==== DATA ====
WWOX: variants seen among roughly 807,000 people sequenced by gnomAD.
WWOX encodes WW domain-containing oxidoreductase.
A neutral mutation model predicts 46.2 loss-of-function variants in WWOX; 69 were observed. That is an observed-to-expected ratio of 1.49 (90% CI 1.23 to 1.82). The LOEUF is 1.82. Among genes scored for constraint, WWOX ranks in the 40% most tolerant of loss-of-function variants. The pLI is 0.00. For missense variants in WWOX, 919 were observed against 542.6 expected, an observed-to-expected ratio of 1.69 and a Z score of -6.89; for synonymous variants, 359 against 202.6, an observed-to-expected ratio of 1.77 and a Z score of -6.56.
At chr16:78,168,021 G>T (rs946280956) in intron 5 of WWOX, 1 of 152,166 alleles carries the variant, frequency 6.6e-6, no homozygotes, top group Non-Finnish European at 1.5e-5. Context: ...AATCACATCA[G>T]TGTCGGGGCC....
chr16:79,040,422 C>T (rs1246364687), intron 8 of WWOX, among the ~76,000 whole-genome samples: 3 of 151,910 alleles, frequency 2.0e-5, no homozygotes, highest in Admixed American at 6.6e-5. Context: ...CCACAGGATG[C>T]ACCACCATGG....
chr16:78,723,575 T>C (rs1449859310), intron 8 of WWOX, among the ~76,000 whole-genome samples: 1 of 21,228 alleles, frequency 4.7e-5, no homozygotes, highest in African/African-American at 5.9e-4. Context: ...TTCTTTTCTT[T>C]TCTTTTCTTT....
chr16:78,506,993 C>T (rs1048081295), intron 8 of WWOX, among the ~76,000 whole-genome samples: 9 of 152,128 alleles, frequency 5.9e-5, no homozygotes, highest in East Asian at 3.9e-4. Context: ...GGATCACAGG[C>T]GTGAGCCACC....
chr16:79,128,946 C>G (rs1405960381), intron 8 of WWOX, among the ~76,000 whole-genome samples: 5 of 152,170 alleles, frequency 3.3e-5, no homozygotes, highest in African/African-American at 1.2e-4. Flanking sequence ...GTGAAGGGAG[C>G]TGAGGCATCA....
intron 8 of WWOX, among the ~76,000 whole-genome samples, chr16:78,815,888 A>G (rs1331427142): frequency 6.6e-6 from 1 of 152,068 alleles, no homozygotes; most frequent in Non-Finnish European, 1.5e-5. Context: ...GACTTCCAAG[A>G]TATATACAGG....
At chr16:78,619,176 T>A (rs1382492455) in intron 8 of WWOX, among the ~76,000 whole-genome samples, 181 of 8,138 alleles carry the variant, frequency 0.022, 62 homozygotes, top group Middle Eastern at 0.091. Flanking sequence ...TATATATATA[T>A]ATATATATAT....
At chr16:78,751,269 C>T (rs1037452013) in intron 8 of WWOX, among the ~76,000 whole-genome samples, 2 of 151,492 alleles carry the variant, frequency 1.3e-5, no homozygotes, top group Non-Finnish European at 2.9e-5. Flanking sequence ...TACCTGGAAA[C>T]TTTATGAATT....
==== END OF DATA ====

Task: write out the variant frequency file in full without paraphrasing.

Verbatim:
WWOX: variants seen among roughly 807,000 people sequenced by gnomAD.
WWOX encodes WW domain-containing oxidoreductase.
A neutral mutation model predicts 46.2 loss-of-function variants in WWOX; 69 were observed. That is an observed-to-expected ratio of 1.49 (90% CI 1.23 to 1.82). The LOEUF is 1.82. Among genes scored for constraint, WWOX ranks in the 40% most tolerant of loss-of-function variants. The pLI is 0.00. For missense variants in WWOX, 919 were observed against 542.6 expected, an observed-to-expected ratio of 1.69 and a Z score of -6.89; for synonymous variants, 359 against 202.6, an observed-to-expected ratio of 1.77 and a Z score of -6.56.
At chr16:78,168,021 G>T (rs946280956) in intron 5 of WWOX, 1 of 152,166 alleles carries the variant, frequency 6.6e-6, no homozygotes, top group Non-Finnish European at 1.5e-5. Context: ...AATCACATCA[G>T]TGTCGGGGCC....
chr16:79,040,422 C>T (rs1246364687), intron 8 of WWOX, among the ~76,000 whole-genome samples: 3 of 151,910 alleles, frequency 2.0e-5, no homozygotes, highest in Admixed American at 6.6e-5. Context: ...CCACAGGATG[C>T]ACCACCATGG....
chr16:78,723,575 T>C (rs1449859310), intron 8 of WWOX, among the ~76,000 whole-genome samples: 1 of 21,228 alleles, frequency 4.7e-5, no homozygotes, highest in African/African-American at 5.9e-4. Context: ...TTCTTTTCTT[T>C]TCTTTTCTTT....
chr16:78,506,993 C>T (rs1048081295), intron 8 of WWOX, among the ~76,000 whole-genome samples: 9 of 152,128 alleles, frequency 5.9e-5, no homozygotes, highest in East Asian at 3.9e-4. Context: ...GGATCACAGG[C>T]GTGAGCCACC....
chr16:79,128,946 C>G (rs1405960381), intron 8 of WWOX, among the ~76,000 whole-genome samples: 5 of 152,170 alleles, frequency 3.3e-5, no homozygotes, highest in African/African-American at 1.2e-4. Flanking sequence ...GTGAAGGGAG[C>G]TGAGGCATCA....
intron 8 of WWOX, among the ~76,000 whole-genome samples, chr16:78,815,888 A>G (rs1331427142): frequency 6.6e-6 from 1 of 152,068 alleles, no homozygotes; most frequent in Non-Finnish European, 1.5e-5. Context: ...GACTTCCAAG[A>G]TATATACAGG....
At chr16:78,619,176 T>A (rs1382492455) in intron 8 of WWOX, among the ~76,000 whole-genome samples, 181 of 8,138 alleles carry the variant, frequency 0.022, 62 homozygotes, top group Middle Eastern at 0.091. Flanking sequence ...TATATATATA[T>A]ATATATATAT....
At chr16:78,751,269 C>T (rs1037452013) in intron 8 of WWOX, among the ~76,000 whole-genome samples, 2 of 151,492 alleles carry the variant, frequency 1.3e-5, no homozygotes, top group Non-Finnish European at 2.9e-5. Flanking sequence ...TACCTGGAAA[C>T]TTTATGAATT....